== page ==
Michelle Dawson

Innovation Manager, Stockton on Tees

Sector: Housing

After a role working within Social Services helped her determine what she didn’t want to do, Michelle Dawson decided she wanted a job helping people and today works for housing company Thirteen.

Where do you call home?

Stockton on Tees.

Tell us about your role? 

I am the innovation manager at Thirteen Group.

How did you get to where you are today?

I was quite academic at school and had good grades. I had no clue what I wanted to do with myself, but was very creative and loved art, so I decided to go to art college and study fine art for a year, while I decided what to do next. That was a great year, but it didn’t really help me understand what I wanted to actually do with my life, so after I left, I worked full time in my local Tesco.

My mum got me a temporary job as an administrator in Holme House Prison, and after six months of doing that, I was back to not having a job. So, I applied for another administration role with the council, and I ended up working in the social services team minuting meetings about children who were in foster care or under child protection. I listened to so many awful stories that I decided I wanted to actually help people, rather than just type up notes about other people who helped. So I started volunteering with Easter Ravens Trust with their Young Carers Service. I used this experience to land my first proper support worker role. I had to drive all around County Durham supporting adults who were unemployed to solve problems in their life that were preventing them from being able to get a job, like housing, mental health difficulties and substance misuse. I loved it. I was 21 and felt like I was doing something really meaningful.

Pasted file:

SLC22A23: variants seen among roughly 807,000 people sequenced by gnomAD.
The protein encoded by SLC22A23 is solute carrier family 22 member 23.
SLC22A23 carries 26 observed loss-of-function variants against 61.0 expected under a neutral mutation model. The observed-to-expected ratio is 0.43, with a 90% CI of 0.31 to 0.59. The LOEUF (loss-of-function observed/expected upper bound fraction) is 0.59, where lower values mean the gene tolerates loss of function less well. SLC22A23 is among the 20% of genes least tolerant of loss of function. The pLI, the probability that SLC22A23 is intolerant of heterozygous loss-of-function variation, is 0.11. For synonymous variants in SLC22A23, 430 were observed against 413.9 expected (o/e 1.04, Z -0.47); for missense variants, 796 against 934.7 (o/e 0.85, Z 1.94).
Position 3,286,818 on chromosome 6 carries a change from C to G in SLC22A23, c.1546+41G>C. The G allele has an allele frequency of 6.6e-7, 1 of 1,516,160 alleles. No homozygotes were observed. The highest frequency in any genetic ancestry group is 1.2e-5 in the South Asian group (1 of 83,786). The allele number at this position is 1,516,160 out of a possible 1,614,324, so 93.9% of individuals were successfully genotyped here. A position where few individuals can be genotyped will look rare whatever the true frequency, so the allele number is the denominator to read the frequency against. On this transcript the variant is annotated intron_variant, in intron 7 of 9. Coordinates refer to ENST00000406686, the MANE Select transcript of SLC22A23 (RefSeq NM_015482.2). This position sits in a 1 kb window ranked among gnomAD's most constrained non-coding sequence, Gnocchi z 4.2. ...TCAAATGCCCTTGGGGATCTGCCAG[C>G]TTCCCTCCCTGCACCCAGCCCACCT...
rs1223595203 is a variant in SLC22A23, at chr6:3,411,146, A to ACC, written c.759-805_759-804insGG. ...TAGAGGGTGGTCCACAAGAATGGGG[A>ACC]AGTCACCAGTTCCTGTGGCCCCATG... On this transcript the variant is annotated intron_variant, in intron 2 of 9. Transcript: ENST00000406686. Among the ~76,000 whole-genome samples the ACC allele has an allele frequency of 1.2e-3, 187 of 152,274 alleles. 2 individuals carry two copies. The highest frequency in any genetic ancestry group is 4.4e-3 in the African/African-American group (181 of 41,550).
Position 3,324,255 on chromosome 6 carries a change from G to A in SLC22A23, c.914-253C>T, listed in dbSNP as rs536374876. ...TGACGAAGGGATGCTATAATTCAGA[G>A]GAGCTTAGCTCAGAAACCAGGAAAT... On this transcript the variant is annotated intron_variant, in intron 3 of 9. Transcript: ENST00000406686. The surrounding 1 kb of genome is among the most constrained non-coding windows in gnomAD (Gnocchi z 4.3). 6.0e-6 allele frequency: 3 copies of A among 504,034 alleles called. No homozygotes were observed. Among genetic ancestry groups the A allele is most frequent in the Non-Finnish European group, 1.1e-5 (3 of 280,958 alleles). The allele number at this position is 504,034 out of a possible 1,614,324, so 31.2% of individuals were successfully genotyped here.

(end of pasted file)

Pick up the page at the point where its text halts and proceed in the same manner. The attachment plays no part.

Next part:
From here I did lots of different roles that supported people who needed help. I worked as a substance misuse support worker, I worked in prisons and in the community, and as I gained experience and training, I was given more and more responsibility.

Eventually, after taking opportunities to work for the Fire Brigade and the council, I ended up at Middlesbrough and Stockton Mind. I became part of their senior management team, helping to shape how services were designed and influencing how people with mental health difficulties were treated in the community. I learned loads and got lots of opportunities to manage new projects and work with brilliant people all working to help people.

I now manage Innovation at Thirteen, which is about leading the organisation to look to the future and design new and different things that help solve problems. The role is really varied, and I get to help design the way we support older people in our housing schemes, how we better support families fleeing domestic violence, and how we build houses that help us protect the environment.

A few years ago, myself and my friend Natalie set up a business called Happy Cactus Coaching, which is an organisation which supports young people with mental health difficulties via specially designed sessions in the gym and through art. The business has grown from strength to strength, and we are very proud of how many young people we have supported to build physical and emotional strength through our sessions. We are passionate about providing young people with a safe space to talk, belong and build confidence.